How to Help a Dog Having a Seizure

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If a dog is epileptic, he has to be medicated every day, and sometimes even multiple times a day. Learn about different ways that a dog's seizures may be fixed through medication with help from a veterinarian in this free video on dog health and seizures.

Part of the Video Series: Dog Health
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Video Transcript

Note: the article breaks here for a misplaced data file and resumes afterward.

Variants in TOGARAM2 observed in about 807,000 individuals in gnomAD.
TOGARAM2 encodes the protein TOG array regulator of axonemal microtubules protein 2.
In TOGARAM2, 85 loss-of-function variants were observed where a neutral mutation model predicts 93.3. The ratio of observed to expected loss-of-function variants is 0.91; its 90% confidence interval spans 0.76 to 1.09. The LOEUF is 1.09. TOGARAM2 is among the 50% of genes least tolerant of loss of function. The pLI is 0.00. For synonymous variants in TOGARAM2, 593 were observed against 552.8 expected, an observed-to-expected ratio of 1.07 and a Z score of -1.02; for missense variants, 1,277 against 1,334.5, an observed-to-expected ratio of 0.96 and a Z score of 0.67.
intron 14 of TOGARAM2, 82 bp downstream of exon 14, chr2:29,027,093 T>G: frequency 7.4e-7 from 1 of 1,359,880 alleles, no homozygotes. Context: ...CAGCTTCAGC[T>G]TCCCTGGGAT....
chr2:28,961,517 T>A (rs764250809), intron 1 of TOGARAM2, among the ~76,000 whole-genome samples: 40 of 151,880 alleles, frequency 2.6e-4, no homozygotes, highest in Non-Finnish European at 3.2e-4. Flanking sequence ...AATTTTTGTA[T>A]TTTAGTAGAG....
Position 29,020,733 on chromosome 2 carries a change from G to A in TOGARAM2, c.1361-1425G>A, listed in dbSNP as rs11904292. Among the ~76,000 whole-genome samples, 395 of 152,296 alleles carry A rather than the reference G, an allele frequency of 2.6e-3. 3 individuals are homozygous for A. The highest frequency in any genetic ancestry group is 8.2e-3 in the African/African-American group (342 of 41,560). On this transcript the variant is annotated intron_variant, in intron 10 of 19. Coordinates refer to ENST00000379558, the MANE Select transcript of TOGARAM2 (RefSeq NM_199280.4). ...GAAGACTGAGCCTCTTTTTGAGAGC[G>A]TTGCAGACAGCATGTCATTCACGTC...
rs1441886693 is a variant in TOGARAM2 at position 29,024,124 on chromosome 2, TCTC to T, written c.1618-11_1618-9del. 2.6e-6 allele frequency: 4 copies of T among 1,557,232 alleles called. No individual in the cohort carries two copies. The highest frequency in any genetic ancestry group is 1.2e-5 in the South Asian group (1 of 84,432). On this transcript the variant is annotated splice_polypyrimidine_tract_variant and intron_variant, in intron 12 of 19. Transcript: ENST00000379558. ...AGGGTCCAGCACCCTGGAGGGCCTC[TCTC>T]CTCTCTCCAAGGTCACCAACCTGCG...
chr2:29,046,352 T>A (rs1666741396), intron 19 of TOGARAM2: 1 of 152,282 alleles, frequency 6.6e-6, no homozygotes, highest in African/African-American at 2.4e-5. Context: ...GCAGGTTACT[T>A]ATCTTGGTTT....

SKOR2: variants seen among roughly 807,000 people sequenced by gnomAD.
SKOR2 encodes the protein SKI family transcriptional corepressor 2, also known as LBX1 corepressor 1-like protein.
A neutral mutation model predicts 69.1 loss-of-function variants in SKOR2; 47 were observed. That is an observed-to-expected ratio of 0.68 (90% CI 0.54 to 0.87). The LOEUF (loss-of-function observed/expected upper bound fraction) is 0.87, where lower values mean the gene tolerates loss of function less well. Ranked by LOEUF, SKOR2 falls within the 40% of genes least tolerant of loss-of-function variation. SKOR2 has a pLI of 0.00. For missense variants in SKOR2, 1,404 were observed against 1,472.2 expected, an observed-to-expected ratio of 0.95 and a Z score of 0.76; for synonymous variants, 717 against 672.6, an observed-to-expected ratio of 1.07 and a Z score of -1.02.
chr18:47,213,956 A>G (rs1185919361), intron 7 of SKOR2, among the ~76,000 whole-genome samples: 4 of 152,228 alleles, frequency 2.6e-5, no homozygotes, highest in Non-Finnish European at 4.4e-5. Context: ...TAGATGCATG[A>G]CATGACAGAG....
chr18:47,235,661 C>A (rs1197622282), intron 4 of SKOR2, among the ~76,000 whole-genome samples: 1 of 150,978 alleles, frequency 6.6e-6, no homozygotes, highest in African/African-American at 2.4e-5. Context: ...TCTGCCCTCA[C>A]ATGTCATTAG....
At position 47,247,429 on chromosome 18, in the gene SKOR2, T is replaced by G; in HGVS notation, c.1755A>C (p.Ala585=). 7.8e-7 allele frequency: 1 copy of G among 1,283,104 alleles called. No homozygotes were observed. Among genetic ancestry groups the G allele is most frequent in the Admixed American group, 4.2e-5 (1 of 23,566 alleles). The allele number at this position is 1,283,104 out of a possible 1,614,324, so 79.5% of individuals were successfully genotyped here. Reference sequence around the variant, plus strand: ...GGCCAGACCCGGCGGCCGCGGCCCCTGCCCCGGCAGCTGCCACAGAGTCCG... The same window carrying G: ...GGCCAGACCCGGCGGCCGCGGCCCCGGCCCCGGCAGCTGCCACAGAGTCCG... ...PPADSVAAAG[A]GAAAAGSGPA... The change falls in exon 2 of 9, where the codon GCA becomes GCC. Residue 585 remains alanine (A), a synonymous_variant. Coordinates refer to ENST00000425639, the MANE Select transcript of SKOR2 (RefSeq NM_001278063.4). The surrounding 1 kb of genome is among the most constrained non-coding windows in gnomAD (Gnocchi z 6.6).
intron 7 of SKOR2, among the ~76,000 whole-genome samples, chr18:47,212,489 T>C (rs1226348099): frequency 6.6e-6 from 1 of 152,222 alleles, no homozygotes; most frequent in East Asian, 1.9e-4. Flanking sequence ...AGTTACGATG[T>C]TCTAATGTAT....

Hi, I'm Dr. Greg McDonald. I'm a veterinarian in Southern California and I have a hospital in Santa Barbara. I wanted to talk a little bit about dog care today and one of the things that people often have as a problem with their dog is seizures. Seizures can be caused by lots of different reasons and it's incredibly important for the owners to know the difference between a poisoning, where their dog is having a seizure because he ate something, or if the dog is an epileptic and having a seizure because of an abnormality inside of the brain--a little electrical discharge up in the brain. Epilepsy is probably the more common thing that people see and once it's diagnosed it can be treated by your veterinarian. Your veterinarian will pick a drug specifically for your dog. And unfortunately with seizures, if it's an epileptic dog, you don't just give them medication when they're having a seizure. You actually medicate them every day--sometimes two or three times a day--to prevent them from having a seizure. When you get to your veterinarian, if your dog is still having seizures, your veterinarian may want to be giving a product called "Valium". It is a anti-seizure medication that your veterinarian can give intravenously that can control seizures. So we usually set up a determination if a dog should be on the medicine or not, because the seizures don't hurt the animal in and of themselves. If your animal's having one or two seizures a month, usually we don't even medicate those because the medicine has more side effects than the seizures. If your animal's having more than three seizures a month, then we usually recommend starting medication. The medication does have some side effects so we always try and choose the ones that are most effective with the least amount of size effects. And it's very important to understand that your veterinarian first has to diagnose this. Epilepsy is what we call a "rule out" diagnosis. It simply means that we look at everything else and if all that is fine and the dog is still having seizures, the dog is an epileptic. And then we're going to try and fix the dog's seizures by medication. Once your veterinarian starts the medication and you see positive results, he's going to want to do some blood tests in order to check and be sure that there are adequate levels and also not too high a level. So maybe a month after your dog has been on the medication, your veterinarian's going to want to do a blood level to be sure that the medication's working properly.


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